I request that the Mill Mountain Advisory Committee be placed on our December 17, 2012 agenda for discussion and action.
I respectfully submit that City Council records clearly reflect that the Mill Mountain Advisory Committee is an ad hoc committee, as formally recognized by the Council in Resolution 23074 adopted on July 6, 1976. When asked for an opinion about the distinction between “ad hoc” committees and permanent entities, then City Attorney Wilburn Dibling, Jr., by letter dated October 28, 1983 advised the City Clerk that “ad hoc entities are special entities which go out of existence as soon as they have completed a specified task.” Roanoke Municipal Code Section 2-280 provides “the council may also, from time to time, establish ad hoc committees to serve specific purposes” and Section 2-285 mandates that “ad hoc committees and commissions appointed by council shall make periodic reports to the council as to the progress of their assigned duties and responsibilities.”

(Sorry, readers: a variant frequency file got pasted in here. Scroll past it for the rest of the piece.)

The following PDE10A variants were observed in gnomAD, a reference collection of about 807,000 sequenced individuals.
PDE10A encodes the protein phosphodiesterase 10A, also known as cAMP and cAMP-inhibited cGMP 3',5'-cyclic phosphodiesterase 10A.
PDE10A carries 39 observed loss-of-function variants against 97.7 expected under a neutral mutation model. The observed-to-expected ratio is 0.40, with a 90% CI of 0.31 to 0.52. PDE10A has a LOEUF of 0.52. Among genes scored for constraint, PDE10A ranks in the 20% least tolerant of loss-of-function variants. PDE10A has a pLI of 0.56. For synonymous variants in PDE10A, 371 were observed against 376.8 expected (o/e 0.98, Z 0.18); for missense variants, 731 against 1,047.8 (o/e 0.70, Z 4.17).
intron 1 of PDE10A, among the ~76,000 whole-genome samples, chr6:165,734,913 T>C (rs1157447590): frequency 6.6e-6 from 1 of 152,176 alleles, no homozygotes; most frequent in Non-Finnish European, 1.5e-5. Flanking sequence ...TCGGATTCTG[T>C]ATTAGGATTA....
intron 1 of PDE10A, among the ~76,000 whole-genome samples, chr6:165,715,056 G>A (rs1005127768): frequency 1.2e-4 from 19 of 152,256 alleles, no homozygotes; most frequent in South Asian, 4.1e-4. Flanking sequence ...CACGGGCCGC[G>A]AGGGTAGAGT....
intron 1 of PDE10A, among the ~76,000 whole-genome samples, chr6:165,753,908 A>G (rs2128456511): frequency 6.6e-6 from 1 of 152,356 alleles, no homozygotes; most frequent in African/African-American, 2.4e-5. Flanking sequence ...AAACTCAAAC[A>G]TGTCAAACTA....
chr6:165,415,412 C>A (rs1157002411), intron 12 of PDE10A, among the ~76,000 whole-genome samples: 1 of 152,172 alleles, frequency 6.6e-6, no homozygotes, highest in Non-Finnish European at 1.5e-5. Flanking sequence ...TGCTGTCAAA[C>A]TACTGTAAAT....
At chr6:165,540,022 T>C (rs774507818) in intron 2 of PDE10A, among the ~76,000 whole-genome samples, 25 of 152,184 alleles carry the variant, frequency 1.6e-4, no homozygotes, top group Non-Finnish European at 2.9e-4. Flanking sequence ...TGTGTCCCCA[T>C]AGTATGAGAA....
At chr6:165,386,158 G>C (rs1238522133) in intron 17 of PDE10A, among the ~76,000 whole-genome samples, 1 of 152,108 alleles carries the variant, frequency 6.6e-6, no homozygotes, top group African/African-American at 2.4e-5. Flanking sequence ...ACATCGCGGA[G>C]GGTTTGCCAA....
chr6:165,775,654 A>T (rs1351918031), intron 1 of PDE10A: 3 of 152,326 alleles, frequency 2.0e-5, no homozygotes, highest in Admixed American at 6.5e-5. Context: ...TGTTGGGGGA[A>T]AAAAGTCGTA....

The history of the committee is relevant for our discussion, so please indulge me as I share some research with you. The Mill Mountain Development Committee was created in 1965. Through the years, the committee brought to council numerous recommendations for “development,” including, but not limited to, a new access road, moving the star to accommodate a hotel and restaurant, improvements to the zoo, improvements to and restoration of Rockledge Inn, clearing a suitable area for use as a ski slope, replacement of Frump-Frump the elephant, construction of quarters to house a hippopotamus, construction of a state science museum, construction of an aerial tram or gondola from downtown, a D-Day Memorial and construction of a new incline (1968 – 1997). It would appear from the city council meeting minutes from this period that these development concepts were brought to council by the Mill Mountain Development Committee.